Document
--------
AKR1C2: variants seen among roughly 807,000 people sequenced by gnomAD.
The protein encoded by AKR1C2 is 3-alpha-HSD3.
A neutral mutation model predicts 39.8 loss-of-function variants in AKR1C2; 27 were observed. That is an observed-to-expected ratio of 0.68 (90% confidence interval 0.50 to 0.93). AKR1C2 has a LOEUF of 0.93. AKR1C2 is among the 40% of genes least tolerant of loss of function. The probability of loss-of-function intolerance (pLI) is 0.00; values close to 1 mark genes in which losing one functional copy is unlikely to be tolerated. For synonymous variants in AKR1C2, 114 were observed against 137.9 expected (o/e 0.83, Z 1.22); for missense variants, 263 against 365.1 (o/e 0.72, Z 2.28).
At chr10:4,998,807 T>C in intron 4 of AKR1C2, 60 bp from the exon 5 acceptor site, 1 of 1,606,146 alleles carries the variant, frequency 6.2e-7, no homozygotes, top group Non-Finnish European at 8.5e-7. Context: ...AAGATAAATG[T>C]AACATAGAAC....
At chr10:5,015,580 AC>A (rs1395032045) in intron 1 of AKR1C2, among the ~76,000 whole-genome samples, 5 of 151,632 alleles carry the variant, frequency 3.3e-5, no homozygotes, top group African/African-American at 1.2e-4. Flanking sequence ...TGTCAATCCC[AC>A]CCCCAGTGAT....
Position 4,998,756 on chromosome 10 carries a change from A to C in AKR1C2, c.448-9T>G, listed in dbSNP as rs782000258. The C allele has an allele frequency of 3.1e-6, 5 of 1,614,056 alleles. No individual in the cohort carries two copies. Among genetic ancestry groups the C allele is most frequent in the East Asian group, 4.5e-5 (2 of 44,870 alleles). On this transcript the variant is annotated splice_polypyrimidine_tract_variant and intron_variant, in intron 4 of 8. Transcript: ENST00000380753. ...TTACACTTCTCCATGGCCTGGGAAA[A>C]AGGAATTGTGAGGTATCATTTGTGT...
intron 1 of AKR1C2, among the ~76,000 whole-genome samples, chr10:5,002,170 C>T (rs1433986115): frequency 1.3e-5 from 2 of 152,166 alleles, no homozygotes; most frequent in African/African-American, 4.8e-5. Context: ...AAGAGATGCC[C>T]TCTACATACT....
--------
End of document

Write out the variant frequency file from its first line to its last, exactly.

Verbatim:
AKR1C2: variants seen among roughly 807,000 people sequenced by gnomAD.
The protein encoded by AKR1C2 is 3-alpha-HSD3.
A neutral mutation model predicts 39.8 loss-of-function variants in AKR1C2; 27 were observed. That is an observed-to-expected ratio of 0.68 (90% confidence interval 0.50 to 0.93). AKR1C2 has a LOEUF of 0.93. AKR1C2 is among the 40% of genes least tolerant of loss of function. The probability of loss-of-function intolerance (pLI) is 0.00; values close to 1 mark genes in which losing one functional copy is unlikely to be tolerated. For synonymous variants in AKR1C2, 114 were observed against 137.9 expected (o/e 0.83, Z 1.22); for missense variants, 263 against 365.1 (o/e 0.72, Z 2.28).
At chr10:4,998,807 T>C in intron 4 of AKR1C2, 60 bp from the exon 5 acceptor site, 1 of 1,606,146 alleles carries the variant, frequency 6.2e-7, no homozygotes, top group Non-Finnish European at 8.5e-7. Context: ...AAGATAAATG[T>C]AACATAGAAC....
At chr10:5,015,580 AC>A (rs1395032045) in intron 1 of AKR1C2, among the ~76,000 whole-genome samples, 5 of 151,632 alleles carry the variant, frequency 3.3e-5, no homozygotes, top group African/African-American at 1.2e-4. Flanking sequence ...TGTCAATCCC[AC>A]CCCCAGTGAT....
Position 4,998,756 on chromosome 10 carries a change from A to C in AKR1C2, c.448-9T>G, listed in dbSNP as rs782000258. The C allele has an allele frequency of 3.1e-6, 5 of 1,614,056 alleles. No individual in the cohort carries two copies. Among genetic ancestry groups the C allele is most frequent in the East Asian group, 4.5e-5 (2 of 44,870 alleles). On this transcript the variant is annotated splice_polypyrimidine_tract_variant and intron_variant, in intron 4 of 8. Transcript: ENST00000380753. ...TTACACTTCTCCATGGCCTGGGAAA[A>C]AGGAATTGTGAGGTATCATTTGTGT...
intron 1 of AKR1C2, among the ~76,000 whole-genome samples, chr10:5,002,170 C>T (rs1433986115): frequency 1.3e-5 from 2 of 152,166 alleles, no homozygotes; most frequent in African/African-American, 4.8e-5. Context: ...AAGAGATGCC[C>T]TCTACATACT....